Thursday, September 11, 2008


When my son was a little boy, he was fond of books about insects and animals. These were mostly illustrated and informative. The little fellow called them "Knowledge Books". This almost-encyclopedia on Mental Health falls into this category and is both extensively and imaginatively illustrated as well as pretty exhaustively informative.

As wife to a film maker who focused on Science, I was prone to having numerous books on various subjects being inflicted on me. Drs. Arun and Mary Rukadikar's learned tome thus reminds me of one particular manual on health:
Where There Is No Doctor.

This book was designed to be a
"health care manual for health workers, clinicians, and others involved in primary health care delivery and health promotion programs around the world."
It had a lot of hand drawn pictures too. However, this effort of David Werner, Carol Thuman, Jane Maxwell, while equally bulky, will find it hard to compete with the thoroughness of the treatment given the Mental Health manual by its assiduous authors.

As Jacob K John's thorough review puts it,
"this book is aimed at patients and relatives, but should find itself on the shelf of any mental health professional, particularly the young ones who are fresh out of training and bristling with a theoretical construct of practice."

I also agree with him that
"it will indeed be a tribute to the authors if they (the authors) allow the book to be translated into different languages to benefit many more people."

Let us look at it this way. A psychiatrist is sadly a rare luxury for most around the world. In remote rural settings it is the GP who has to deal with a range of health issues in none of which he may be a specialist. One can easily see how this manual would provide yeoman assistance when a village GP in the developing world, for example, is confronted with psychiatric issues which may not warrant the expense to the patient or patient's family of a trip to the big city.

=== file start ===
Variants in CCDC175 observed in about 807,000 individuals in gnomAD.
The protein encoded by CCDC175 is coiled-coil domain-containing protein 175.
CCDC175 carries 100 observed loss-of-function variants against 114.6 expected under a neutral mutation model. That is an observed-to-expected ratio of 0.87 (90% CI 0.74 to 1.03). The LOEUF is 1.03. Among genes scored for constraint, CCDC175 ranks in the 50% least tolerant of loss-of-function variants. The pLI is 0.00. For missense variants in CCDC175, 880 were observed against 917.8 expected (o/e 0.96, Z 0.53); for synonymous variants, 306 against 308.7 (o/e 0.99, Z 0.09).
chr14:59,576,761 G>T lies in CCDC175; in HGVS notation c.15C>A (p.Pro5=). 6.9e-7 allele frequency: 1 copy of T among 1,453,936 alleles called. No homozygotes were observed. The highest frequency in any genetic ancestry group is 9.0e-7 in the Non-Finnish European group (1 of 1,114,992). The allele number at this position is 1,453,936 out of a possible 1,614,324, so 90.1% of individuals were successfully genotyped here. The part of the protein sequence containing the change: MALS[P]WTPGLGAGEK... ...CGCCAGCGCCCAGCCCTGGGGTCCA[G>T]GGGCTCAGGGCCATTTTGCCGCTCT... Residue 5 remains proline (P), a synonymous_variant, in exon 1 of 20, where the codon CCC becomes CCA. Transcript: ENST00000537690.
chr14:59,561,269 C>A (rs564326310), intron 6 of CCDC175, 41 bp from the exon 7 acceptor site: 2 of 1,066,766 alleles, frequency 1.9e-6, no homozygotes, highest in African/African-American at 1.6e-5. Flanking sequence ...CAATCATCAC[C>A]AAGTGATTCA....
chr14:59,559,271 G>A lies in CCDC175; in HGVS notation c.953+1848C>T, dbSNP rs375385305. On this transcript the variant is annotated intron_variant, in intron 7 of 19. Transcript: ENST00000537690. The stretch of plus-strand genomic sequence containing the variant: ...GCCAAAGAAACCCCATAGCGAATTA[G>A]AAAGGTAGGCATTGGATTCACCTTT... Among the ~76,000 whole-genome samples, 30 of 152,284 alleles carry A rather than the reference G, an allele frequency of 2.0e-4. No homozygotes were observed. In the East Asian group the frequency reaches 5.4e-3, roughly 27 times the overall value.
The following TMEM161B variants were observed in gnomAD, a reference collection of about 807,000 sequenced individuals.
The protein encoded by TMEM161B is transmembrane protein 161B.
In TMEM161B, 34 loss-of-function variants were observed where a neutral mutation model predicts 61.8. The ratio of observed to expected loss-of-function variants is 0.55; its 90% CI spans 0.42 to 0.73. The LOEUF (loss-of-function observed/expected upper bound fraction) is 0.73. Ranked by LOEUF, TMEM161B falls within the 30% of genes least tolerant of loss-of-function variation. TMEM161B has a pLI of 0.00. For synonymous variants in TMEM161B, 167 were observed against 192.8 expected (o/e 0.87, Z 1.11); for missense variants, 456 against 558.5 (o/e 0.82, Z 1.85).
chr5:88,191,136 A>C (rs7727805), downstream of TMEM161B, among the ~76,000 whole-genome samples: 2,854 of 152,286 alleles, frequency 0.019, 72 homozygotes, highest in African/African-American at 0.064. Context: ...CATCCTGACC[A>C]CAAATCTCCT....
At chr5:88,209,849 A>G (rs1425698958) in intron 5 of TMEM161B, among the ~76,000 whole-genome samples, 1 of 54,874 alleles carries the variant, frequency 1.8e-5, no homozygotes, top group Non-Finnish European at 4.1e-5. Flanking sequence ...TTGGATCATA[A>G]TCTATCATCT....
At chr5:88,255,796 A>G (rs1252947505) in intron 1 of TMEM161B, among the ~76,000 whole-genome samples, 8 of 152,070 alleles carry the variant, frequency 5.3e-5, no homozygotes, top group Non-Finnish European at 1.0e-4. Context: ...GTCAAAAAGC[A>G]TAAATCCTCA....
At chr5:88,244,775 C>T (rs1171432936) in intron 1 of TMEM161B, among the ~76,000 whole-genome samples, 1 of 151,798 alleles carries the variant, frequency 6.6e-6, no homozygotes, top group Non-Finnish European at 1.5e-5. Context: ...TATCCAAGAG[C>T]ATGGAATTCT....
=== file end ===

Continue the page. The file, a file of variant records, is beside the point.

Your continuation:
Sadly, although the urban milieu should ideally be composed of an informed population, media has never done psychiatry adequate justice and even today a depressed person's friends and family expect the patient to just "snap out of it". A visit to a psychiatrist is all too often equated with stop over at a spa. The easy availability of Drs. Arun and Mary Rukadikar's user's guide to mental problems would help literate people in distress or their families to process and pinpoint the problem and seek the right treatment.

It would also guide those under active treatment or their families and thus demystify the psychiatric process. Knowledge sets you free and living in this advanced age it is a shame that so many still do not have the luxury of making informed decisions from sheer lack of such a manual where it concerns mental disorders.

Its sole drawback might be its size and comprehensiveness in this user friendly day and age where people
a. do not read as much as they should for lack of time
b. prefer things to be short (the book is heavy to hold or carry around)
c. sweet (the tone is rather severe at times and we have all become rather used to TLC)

That said, all it now needs to fill the tragic vacuum in terms of mental health information for the layman is to find its way to a book shelf in every book store around the world.

Suffering as I am from depression, I can only thank Drs. Arun and Mary Rukadikar for this boon -I'm no longer at sea and can see my way to the Light.

An illustrated and easy guide to mental disorders for the mentally ill and their families

Arun Rukadikar, Mary Ponnaiya Rukadikar
Publisher: Miraj Psychiatric Centre, Dr. Gaikwuad Road, Miraj - 416410, Maharashtra, India
Pages: 472 pp; Price: Rs. 420